On 6th October 1850 he preached his first sermon at Kingswood Chapel, Bristol, he was invited back and on 31st March 1851 he began work as the minister in Bristol where he increased the congregation from 180 to 342 and is described by M.J. Crossley Evans as a man who dominated the religious life in the city of Bristol.

He was was one of the secretaries of the Bristol Auxiliary to the London Missionary Society, he was an advocate of the cause of total abstinence from intoxicating liquors and he was known as the childrens friend, there is a Sunday School Memorial to him in Arnos Vale.

A week after his death The Bristol Mercury described Rev Pratt as "Gentle, amiable, almost child-like in his manner, with an intense love of the bright, cheerful and pleasant aspect of everything around him, he presented a striking contrast to those who only look upon the dark side of human nature, and too often paint the evil to be avoided without picturing the comfort and happiness to be attained by following the right course. His homely simplicity and goodness strongly appealed to the young, by whom he was beloved to a degree rarely met with, and by whom his loss will be lamented with an intensity which will not soon be forgotten."

The 1868 Congregational Year Book has a lengthy obituary for John which also contains interesting information about the Adey Non Conformist background.

J.B. Taylor in his poem Arno's Vale, published c1880 pays tribute to John Adey Pratt as follows:

.....a man of stirling worth
Who ranked among the purest sons of earth
A pastor he, who, while he taught the truth
To crowds adult, took special care of youth
And here close clustered at the pastor's knee
A listening group of children we may see,
His hand upraised towards heaven's azure dome...
though long years have since then passed away.
Thy place remains un-occupied to-day;
For though good men we have and true, who preach
With consecrated fire, and children reach,
Yey noe, like thee, are fluent to unfold
The Gospel truths thy lips so often told
With winning words of ancedote and grace
To please and fascinate the rising race.

In 2009 the Bristol and Gloucestershire Archaeological Society published a paper titled "The Revd John Adey Pratt (1811-1867) of Kingsland Chapel, Bristol: a previously un known likeness, and his life and ministry" by M.J. Crossley Evans. The paper gives a fascinating insight to the life of Rev John Adey Pratt and confirms many other facts given in this Adey family tree.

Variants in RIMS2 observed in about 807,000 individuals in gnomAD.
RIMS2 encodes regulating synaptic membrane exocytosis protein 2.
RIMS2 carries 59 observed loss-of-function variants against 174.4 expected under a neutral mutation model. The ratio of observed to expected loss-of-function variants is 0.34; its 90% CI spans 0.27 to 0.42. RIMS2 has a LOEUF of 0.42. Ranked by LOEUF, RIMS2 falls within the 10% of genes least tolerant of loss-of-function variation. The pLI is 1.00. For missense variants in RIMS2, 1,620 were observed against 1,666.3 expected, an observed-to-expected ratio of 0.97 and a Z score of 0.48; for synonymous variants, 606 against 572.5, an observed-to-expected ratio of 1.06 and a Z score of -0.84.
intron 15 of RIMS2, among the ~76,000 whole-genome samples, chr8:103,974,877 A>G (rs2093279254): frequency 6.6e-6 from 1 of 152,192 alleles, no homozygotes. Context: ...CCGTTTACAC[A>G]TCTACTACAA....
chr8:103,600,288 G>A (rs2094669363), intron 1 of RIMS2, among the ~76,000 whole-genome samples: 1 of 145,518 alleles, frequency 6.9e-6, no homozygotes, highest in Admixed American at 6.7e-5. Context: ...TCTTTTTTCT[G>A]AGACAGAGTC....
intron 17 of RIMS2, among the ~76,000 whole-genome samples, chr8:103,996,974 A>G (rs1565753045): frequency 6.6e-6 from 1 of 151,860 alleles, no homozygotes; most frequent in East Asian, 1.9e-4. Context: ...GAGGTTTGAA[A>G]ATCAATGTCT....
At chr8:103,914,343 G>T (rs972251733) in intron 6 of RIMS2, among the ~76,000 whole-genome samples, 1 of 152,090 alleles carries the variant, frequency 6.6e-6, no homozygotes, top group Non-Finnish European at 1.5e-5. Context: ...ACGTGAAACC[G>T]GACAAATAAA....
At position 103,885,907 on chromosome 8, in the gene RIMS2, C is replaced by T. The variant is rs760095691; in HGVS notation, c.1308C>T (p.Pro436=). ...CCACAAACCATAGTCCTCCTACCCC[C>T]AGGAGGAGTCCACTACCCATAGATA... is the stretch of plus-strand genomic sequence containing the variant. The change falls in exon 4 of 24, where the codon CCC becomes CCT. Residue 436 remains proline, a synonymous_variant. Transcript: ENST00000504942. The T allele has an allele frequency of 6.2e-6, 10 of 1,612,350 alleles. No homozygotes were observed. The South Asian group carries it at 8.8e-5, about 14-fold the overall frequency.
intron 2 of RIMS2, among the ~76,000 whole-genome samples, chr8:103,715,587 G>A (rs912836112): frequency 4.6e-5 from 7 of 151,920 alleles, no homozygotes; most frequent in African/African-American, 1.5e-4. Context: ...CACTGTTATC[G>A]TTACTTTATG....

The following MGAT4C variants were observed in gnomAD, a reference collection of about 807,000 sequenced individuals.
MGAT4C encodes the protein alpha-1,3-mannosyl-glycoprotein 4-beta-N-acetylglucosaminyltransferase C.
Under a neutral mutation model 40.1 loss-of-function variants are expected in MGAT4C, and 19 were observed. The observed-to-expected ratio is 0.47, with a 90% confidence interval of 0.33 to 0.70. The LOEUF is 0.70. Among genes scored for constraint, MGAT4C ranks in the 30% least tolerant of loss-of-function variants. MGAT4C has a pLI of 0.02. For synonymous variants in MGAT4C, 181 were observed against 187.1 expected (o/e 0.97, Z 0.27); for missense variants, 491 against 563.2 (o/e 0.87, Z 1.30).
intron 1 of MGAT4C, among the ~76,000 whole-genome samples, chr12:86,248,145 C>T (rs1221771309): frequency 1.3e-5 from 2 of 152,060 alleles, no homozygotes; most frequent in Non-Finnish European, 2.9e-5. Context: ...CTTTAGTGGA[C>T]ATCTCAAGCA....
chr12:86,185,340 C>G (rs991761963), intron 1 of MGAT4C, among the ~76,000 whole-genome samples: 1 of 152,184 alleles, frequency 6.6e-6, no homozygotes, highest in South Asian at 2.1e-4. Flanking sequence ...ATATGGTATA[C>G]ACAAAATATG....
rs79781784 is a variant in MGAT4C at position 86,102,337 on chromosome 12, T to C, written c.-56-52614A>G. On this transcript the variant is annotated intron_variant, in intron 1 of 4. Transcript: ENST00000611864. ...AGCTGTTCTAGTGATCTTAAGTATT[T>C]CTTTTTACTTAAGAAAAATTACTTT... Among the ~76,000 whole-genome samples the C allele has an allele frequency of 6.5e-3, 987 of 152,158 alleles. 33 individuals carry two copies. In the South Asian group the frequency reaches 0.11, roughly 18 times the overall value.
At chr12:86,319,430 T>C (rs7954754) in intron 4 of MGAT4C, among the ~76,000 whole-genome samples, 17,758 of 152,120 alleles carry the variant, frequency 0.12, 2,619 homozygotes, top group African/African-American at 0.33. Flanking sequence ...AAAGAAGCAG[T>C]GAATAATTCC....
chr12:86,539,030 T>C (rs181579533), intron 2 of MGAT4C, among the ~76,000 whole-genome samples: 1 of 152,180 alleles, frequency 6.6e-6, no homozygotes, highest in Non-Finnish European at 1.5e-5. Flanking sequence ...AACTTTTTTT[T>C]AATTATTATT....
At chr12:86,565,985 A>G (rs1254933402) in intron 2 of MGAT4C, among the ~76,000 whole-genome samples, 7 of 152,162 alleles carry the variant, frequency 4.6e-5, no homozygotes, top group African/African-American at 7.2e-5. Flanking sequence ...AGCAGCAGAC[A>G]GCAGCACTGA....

He had the following children:

  89 F i Catherine Adey Pratt was born in 1841. She died on 10 Sep 1923 in Glencora, Lorne Park, Bournemouth.

Catherine is refered to as the Rev John Adey Pratt's eldest daughter.

The marriage was announced in The Times on26th October 1867 as follows: On 24th inst, at Bristol, by Rev William Pratt, Joseph, edlest son of Addis Jackson, Esq., of Orpington, Kent, to Catherine Adey, eldest daughter of the late Rev John Adey Pratt, of Bristol.
        Catherine married Joseph Jackson. Joseph died before 1923.

Refered to as Joseph Jackson of Paris

56. Daniel Pratt (Lucy Adey , Daniel , John , John , John ) was born in 1815. He died in 1873.

He had the following children:

  90 M i Cromwell Daniel Pratt was born in 1849. He died on 1 Mar 1854 in Croft Cottage, Cuckfield, Sussex.

The Times for Saturday 4th March 1854 carried the following announcement: On Wednesday 1st inst at Croft Cottage, Cuckfield, Sussex - Cromwell Daniel, eldest son of Mr Daniel Pratt in his 5th year.

61. Mary Adey (John , Richard , Richard , John , John ) was born in 1773. She was christened on 11 Jun 1773 in Southgate Street Congregational Church Gloucester.

Died young

Mary married C.G. Thompson.

They had the following children:

  91 M i William Adey Thompson was born on 28 Sep 1819. He was christened on 20 Oct 1819 in Southgate Street Congregational Church Gloucester.

64. Richard Adey (John , Richard , Richard , John , John ) was born in 1783. He was christened on 24 Mar 1783 in Southgate Street Congregational Church Gloucester.

Richard Adey Esq. of Gloucester was one of the subscribers to John Washburns Bibliotheca Gloucestrensis which was published in 1825. Other subscribers included 5 members of the Royal Family, a Duke and a number of other titled people.

Richard Adey, bachelor of St Nicholas in the City of Gloucester married Elizabeth Norris, spinster of Ledbury, by licence in Ledbury Parish Chapel on 22nd June 1827. The officiating minister was James Watts (Vicar). Both were able to sign the register and the witnesses were William Norris and Mary Norris.

Richard married Elizabeth Norris on 22 Jun 1827 in Ledbury Parish Chapel.

They had the following children:

+ 92 M i Richard John Adey
  93 F ii Mary Anne Norris Adey was christened on 29 Aug 1832 in Parish Chapel Ledbury.

Mary's baptism record shows that her father was a gentleman of Barton Street, Gloucester. J A. Montgomery was the officiating minister.

66. Sarah Adey (John , Richard , Richard , John , John ) was born in 1788. She was christened on 29 May 1788 in Southgate Street Congregational Church Gloucester.

A Sarah Ady married Abraham Gaston on 26th December 1811 in Minchinhampton.

The 1851 census shows a Sarah Adey Pauper/Cloth worker lving in Wotton Under Edge. Possibly this is the same person.

Sarah married George Martin.

They had the following children:

  94 M i Thomas Adey Martin was born in 1816. He was christened on 16 Jun 1816 in Southgate Street Congregational Church Gloucester.